PC Culture

The Sliming of Ben Shapiro

Ben Shapiro at the Conservative Political Action Conference. (Gage Skidmore)
The progressive mob doesn’t have a monopoly on truth.

I’ve got some questions for my progressive readers. When you think of Colin Kaepernick, do you define him by his quiet kneeling and many thoughtful interviews? Or do you define him by the socks he wore once, dehumanizing cops as pigs?

When you think of writer Ta-Nehisi Coates, do you define him by his hundreds of thousands of eloquent and meticulously researched words? Or do you define him by his call for violence in Baltimore, or his dehumanizing statements about the heroic cops and firefighters who rushed into the World Trade Center on 9/11?

Is Samantha Bee defined by the time she accused a cancer patient of having “Nazi hair”? Or when she used a vile epithet to describe Ivanka Trump?

I can do this all day. (Joy Reid, anyone?) Because recently I’ve been led to believe — repeatedly, in fact — that online mobbing most definitely does not reflect intolerance towards conservatives but instead is wholly targeted at the people who are really bad. And how do we know that they’re really bad?

A tweet or two. Five minutes of a podcast. Those things, not a life’s work, tell the true tale of a man.

I bring this up of course because of the latest Two Minutes Hate, this time — oddly enough — directed at actor Mark Duplass. He had the audacity to tweet: “Fellow liberals: If you are interested at all in ‘crossing the aisle’ you should consider following @benshapiro I don’t agree with him on much but he’s a genuine person who once helped me for no other reason than to be nice. He doesn’t bend the truth. His intentions are good.”

The pile-on was so swift and overwhelming that Duplass not only deleted his tweet but apologized thoroughly and abjectly, in a tweet that condemned Ben in no uncertain terms:

I’m sorry, but this is pitiful. Truly pitiful. And it was accompanied, as it always is, by progressives assuring us that, no, we do want to hear from conservatives, just not that conservative. We don’t want to hear from the awful Ben Shapiro.

Or the awful Kevin Williamson.

Or the awful Jordan Peterson.

Or the awful Bret Stephens.

Or the awful Bari Weiss.

Are you beginning to detect a pattern here? The online mob picks through a writer’s past, finds the specific idea or tweet it finds most offensive, focuses on that idea, and then assures us that while it’s truly open to debate and dialogue, this guy (or girl) is beyond the pale. You see it in a Vox piece by Zack Beauchamp explaining that it was totally cool to force Duplass to apologize. Responding to one of Ben’s liberal defenders, Beauchamp says:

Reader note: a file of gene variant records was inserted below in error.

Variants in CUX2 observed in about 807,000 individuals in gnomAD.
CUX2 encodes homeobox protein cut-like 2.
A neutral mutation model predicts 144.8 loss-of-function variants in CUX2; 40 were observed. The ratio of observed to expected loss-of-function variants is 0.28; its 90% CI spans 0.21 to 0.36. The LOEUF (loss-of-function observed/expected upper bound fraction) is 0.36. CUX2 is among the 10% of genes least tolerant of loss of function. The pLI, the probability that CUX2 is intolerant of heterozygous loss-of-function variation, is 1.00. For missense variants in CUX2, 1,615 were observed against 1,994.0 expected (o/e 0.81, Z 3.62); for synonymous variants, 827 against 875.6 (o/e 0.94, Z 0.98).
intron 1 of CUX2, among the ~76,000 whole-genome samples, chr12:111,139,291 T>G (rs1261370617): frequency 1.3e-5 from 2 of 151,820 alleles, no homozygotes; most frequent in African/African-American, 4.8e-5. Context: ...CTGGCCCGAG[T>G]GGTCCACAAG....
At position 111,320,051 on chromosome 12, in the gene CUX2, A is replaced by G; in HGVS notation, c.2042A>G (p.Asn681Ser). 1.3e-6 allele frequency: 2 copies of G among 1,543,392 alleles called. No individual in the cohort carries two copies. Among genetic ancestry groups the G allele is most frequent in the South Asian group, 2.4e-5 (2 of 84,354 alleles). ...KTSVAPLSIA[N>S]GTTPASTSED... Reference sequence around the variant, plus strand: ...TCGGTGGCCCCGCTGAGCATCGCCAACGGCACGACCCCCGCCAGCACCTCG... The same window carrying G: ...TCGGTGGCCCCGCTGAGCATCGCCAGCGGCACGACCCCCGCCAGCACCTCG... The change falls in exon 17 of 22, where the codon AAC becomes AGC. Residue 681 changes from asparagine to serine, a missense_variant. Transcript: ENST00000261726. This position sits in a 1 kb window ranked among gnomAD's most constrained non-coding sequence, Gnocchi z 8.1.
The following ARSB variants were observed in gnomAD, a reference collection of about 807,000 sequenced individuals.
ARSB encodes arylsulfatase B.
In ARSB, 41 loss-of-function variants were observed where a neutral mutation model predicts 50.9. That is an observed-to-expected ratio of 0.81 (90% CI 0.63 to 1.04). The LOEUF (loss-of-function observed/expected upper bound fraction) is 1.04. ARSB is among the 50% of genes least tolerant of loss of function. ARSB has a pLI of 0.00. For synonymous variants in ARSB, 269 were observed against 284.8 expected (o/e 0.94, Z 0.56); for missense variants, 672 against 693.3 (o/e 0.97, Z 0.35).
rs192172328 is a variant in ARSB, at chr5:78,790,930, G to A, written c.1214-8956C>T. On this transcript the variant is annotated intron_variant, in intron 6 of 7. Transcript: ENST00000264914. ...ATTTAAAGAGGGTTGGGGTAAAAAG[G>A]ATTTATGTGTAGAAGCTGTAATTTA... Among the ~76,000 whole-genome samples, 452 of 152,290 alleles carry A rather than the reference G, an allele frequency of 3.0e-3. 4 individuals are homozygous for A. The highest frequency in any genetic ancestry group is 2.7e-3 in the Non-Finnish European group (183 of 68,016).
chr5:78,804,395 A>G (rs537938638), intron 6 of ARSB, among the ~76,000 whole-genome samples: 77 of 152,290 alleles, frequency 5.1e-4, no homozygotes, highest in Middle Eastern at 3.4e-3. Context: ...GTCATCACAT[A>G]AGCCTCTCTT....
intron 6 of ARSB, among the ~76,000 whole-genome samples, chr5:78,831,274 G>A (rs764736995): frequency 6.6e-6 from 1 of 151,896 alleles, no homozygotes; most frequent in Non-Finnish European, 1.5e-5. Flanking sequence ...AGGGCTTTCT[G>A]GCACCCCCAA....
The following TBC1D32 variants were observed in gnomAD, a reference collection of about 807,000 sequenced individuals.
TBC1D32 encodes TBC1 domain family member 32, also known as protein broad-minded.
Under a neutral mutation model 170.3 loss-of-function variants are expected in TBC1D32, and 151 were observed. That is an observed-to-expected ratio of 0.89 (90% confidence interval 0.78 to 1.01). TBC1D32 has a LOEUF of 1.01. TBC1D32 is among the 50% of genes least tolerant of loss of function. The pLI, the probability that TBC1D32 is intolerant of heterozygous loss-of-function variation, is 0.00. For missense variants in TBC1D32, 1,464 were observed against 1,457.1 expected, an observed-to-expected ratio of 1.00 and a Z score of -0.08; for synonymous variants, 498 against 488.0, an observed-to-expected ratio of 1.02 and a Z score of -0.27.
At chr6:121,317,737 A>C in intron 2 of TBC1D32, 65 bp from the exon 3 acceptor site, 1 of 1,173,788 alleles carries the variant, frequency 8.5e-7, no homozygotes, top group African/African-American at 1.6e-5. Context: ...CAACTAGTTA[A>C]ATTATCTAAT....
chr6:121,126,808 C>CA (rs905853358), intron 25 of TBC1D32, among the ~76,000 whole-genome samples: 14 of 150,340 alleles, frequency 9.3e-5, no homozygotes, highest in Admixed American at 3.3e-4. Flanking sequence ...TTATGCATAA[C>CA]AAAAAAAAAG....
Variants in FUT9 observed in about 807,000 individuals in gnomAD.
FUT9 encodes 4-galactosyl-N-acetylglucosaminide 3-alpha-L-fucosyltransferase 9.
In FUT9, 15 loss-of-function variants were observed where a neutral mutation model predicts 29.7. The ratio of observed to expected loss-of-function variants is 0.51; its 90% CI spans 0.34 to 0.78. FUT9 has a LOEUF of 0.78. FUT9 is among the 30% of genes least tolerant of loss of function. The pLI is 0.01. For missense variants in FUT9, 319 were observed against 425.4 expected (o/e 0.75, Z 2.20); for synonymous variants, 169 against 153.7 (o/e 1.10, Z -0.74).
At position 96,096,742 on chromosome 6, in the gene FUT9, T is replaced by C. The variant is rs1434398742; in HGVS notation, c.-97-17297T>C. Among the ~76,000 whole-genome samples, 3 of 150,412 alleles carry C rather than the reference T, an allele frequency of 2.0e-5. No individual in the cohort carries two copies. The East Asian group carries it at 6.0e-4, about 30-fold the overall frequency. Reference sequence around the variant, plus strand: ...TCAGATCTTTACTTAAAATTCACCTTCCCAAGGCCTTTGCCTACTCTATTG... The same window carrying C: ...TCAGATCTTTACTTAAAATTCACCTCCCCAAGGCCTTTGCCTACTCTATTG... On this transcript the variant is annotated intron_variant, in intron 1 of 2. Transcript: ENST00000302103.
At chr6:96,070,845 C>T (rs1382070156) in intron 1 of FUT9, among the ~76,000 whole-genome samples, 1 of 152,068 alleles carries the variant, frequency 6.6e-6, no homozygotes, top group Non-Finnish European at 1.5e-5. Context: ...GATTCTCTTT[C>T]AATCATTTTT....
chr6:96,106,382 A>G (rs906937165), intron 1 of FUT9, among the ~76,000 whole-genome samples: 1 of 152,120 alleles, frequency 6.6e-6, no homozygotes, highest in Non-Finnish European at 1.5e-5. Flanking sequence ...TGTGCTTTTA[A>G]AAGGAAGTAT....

He’s arguing that the real Ben isn’t the sum total of his work, but rather the nice things he says to his liberal friends. We should try to reason away his beyond-the-pale opinions, when in fact they’re evidence he might not be a reasonable person.

You see a similar effect whenever one of the New York Times’ op-ed pages recent hires — I’m thinking of Bari Weiss and Bret Stephens specifically — writes something offensive or poorly thought out. You’re asked to look past the offensive work in question, like Stephens’s pieces denying climate change science, and try to have a reasonable conversation. The problem is that the so-called indiscretions are as characteristic of their work and worldview as their more reasonable sounding output — but pointing that out can be portrayed, by people like Weinstein, as evidence of intolerance, of refusing to listen to the other side.

No, Beauchamp gets this exactly backwards. Ben is the sum total of his work. He is not the isolated hot take or tweet. And no one is asked to “look past” anything — but rather to engage with objectionable arguments. What we are asking is that a debate take place, rather than an attempt to intimidate and shame a person into silence or a campaign to get him fired.

A culture that rejects real debate is a culture that stagnates and starts to decay.

The truly absurd aspect of the online mobbing of Shapiro, Williamson, Peterson, Stephens, and Weiss is that it’s taking place in a world where not only are vicious racists and bigots very real, but some of the people in the list above have taken them on (and endured the vicious blowback) in direct and courageous ways. No one endured more anti-Semitic hate than Ben during the 2016 election, for example. You might call him racist, but the actual racists hate him even more than the online progressive mob does.

I freely admit that Ben is a friend of mine. But I don’t write this piece to say, “Trust me! He’s a great guy in person!” but rather to say that if a progressive can’t even compliment a person like Ben, then our public discourse is dysfunctional and diseased.

Finally, I know full well that no one is violating Ben’s legal rights or censoring Mark Duplass. I know that online shaming isn’t censorship. I also know that it is intended to limit debate. I know that it is intended to silence. It is intended to raise the cost of engagement and hinder dialogue. It is even sometimes intended to threaten a person’s livelihood. It is also arrogant and intolerant. The progressive mob doesn’t have a monopoly on truth, and a culture that rejects real debate is a culture that stagnates and starts to decay.

NOW WATCH: ‘Twitter Mob Targets Ben Shapiro’

David French is a senior writer for National Review, a senior fellow at the National Review Institute, and a veteran of Operation Iraqi Freedom.

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